December 6, 2006 | By: Carol Lea Spence
LEXINGTON, KY.

It’s the time of year when temperatures drop and winds rise. The change in season is a reminder to spread some holiday cheer to the feathered and furred creatures who share our landscape, but not our warm homes or our bountiful cupboards.

Nature supplies a plethora of beautiful objects that can provide both beauty for human eyes and sustenance for animals. Decorating outdoor trees and shrubs with natural objects is a good way to celebrate the season, said Rick Durham, University of Kentucky Cooperative Extension associate professor in consumer horticulture. 

“It can be a creative family activity,” he said. “Use natural products to make ornaments, then put them outside to see what kind of wildlife they attract.”

At The Arboretum, a joint venture of the University of Kentucky and Lexington Fayette Urban County Government, winners were recently announced in the annual Environmental Tree Extravaganza. The contest is intended to ”celebrate the holiday season and the environment,” according to a placard that introduced visitors to the display of trees on The Arboretum’s grounds. Community groups decorated the evergreens, which were a combination of live Arboretum trees and cut trees donated by local nurseries and farms. Ornaments were created from combinations of natural products from the landscape, simple food from the kitchen and recyclable materials, such as cardboard and paper ribbon. 

Mrs. Sherman’s class at Sayre School in Lexington won in the pre-kindergarten/ kindergarten category with a tree decorated with oranges, and bagels and pine cones spread with peanut butter and seeds. Red ribbons contributed a splash of color.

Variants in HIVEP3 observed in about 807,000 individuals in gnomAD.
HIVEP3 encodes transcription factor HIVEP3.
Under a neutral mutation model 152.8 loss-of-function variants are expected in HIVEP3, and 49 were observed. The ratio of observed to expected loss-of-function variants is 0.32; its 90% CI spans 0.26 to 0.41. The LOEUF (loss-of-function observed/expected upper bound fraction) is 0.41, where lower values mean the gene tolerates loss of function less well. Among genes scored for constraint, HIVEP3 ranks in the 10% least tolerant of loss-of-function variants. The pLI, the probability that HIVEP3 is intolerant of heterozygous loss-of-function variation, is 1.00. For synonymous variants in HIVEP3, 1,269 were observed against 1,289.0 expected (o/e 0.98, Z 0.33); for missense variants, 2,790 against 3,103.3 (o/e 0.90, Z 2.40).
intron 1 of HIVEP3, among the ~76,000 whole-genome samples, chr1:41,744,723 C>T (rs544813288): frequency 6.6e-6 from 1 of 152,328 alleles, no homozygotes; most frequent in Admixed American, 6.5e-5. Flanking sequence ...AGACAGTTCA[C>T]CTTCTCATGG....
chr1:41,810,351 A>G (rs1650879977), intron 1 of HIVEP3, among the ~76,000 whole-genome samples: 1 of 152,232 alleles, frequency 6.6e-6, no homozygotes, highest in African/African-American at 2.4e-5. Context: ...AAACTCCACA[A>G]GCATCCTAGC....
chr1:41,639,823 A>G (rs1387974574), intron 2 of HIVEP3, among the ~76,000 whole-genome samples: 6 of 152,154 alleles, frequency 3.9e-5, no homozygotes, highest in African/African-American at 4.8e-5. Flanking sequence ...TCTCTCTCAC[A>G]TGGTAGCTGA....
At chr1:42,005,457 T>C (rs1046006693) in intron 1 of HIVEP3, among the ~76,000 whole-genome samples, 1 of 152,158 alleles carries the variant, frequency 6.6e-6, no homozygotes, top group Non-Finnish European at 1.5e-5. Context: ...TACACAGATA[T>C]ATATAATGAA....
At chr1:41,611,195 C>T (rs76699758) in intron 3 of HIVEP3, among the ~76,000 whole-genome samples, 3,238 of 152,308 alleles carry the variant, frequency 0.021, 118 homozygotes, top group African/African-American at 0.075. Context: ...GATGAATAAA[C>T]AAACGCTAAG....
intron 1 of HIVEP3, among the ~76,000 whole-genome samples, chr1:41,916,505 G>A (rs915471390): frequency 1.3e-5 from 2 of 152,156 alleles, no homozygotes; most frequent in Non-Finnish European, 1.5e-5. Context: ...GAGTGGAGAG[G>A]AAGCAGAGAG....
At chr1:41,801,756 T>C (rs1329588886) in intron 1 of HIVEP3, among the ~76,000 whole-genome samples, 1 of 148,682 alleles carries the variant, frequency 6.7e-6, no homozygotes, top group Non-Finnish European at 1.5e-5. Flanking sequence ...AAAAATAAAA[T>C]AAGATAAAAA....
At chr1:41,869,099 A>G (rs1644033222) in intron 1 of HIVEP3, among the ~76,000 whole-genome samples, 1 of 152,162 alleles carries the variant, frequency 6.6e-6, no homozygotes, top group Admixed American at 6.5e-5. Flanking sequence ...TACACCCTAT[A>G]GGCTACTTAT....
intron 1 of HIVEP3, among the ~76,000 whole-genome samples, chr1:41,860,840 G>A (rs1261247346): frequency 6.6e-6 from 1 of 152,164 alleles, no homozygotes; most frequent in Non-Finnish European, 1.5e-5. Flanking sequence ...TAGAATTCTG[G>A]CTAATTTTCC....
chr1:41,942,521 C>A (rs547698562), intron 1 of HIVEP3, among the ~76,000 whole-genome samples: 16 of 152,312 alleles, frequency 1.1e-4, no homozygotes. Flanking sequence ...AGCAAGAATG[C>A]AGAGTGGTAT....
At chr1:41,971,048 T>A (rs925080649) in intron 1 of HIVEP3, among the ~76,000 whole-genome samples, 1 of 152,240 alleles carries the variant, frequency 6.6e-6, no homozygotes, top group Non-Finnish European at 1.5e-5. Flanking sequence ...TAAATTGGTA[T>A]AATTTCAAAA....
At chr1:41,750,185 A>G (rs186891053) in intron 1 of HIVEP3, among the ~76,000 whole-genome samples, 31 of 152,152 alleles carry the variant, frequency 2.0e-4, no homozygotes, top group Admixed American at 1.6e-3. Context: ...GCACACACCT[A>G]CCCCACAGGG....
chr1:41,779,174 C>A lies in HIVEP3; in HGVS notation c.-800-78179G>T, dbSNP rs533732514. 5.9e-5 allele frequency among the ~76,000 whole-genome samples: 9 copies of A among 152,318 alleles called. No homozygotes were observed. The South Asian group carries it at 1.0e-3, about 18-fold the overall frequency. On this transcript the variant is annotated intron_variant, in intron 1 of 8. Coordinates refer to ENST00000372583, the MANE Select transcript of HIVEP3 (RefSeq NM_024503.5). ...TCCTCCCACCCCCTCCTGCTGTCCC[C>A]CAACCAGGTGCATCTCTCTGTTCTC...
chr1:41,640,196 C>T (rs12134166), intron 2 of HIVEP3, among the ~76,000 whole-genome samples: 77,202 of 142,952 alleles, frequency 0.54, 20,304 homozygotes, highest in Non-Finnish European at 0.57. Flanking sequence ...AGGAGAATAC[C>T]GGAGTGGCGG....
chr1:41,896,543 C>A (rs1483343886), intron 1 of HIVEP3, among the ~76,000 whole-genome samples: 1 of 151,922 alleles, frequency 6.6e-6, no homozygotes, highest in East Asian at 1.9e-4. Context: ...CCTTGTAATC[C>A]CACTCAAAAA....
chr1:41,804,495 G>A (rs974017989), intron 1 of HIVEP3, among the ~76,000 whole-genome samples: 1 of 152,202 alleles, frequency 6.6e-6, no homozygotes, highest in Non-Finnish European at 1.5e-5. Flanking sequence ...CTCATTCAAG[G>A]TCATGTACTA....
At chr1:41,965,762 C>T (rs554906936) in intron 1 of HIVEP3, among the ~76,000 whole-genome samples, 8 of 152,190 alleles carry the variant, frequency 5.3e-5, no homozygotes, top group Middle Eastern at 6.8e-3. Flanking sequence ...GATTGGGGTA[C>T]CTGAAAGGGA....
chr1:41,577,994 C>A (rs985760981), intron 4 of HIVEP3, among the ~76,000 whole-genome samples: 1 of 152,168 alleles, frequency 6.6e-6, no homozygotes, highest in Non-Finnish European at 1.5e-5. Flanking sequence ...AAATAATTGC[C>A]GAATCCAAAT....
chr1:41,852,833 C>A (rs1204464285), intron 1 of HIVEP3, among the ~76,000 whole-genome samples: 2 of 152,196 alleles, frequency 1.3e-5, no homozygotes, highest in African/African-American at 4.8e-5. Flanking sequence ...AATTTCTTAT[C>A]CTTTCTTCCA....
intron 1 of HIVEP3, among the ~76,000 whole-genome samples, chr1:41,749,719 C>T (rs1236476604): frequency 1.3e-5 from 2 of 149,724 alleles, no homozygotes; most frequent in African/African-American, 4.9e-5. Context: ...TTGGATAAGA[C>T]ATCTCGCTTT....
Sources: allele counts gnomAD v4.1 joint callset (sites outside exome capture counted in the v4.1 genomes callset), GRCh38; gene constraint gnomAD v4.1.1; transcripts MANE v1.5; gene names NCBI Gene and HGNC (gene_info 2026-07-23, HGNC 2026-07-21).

Katherine Maley and Friends’ tree was embellished with dried fruit, cookies, apples, cranberries, cheerios and bagels. It won in the middle and high school category.

The Mendez family used the long, graceful seed heads from millet as bird-friendly ornaments. They also coated cardboard egg cups with peanut butter and seeds and hung the branches with slices of oranges and apples.

Close to Home, the winner in the “other” category, topped its tree with an angel made from recycled cardboard. The angel’s wings were covered with the soft white tufts of milkweed down.

Grand prize winners, Brownie Troop No. 823, used the dried flower heads from ornamental grasses. Their wispy texture contrasted with the heavier evergreen needles of the tree. They also hollowed out oranges and lemons, creating citrus baskets that they filled with bird seed. 

Though the trees all were unique, the one thing they had in common was peanut butter.

“Peanut butter is a great glue to use,” said Durham, referring to the spread’s ability to hold seeds, nuts and fruit pieces to objects such as pine cones, bagels and tortillas. “Plus, it’s a good source of protein for birds and other animals.”

“Another thing that I thought was interesting is that it looked like they (some contestants) took some type of fat that they could melt and then put a lot of bird seed in it and let it harden,” he said. “It looks almost like a peanut brittle, except that it’s got bird seed in it.”

According to Durham, sharing the season’s gifts with wildlife can teach children about nature and the importance of using recyclable materials. And you don’t have to live in the country to reap the benefits. City families can attract a variety of birds and animals to their yards, too.

“Birds and squirrels and chipmunks will all come (to city yards),” Durham said. “In the country, carrots would attract deer and rabbits, as well.”

Contact: 

Rick Durham, 859-257-3249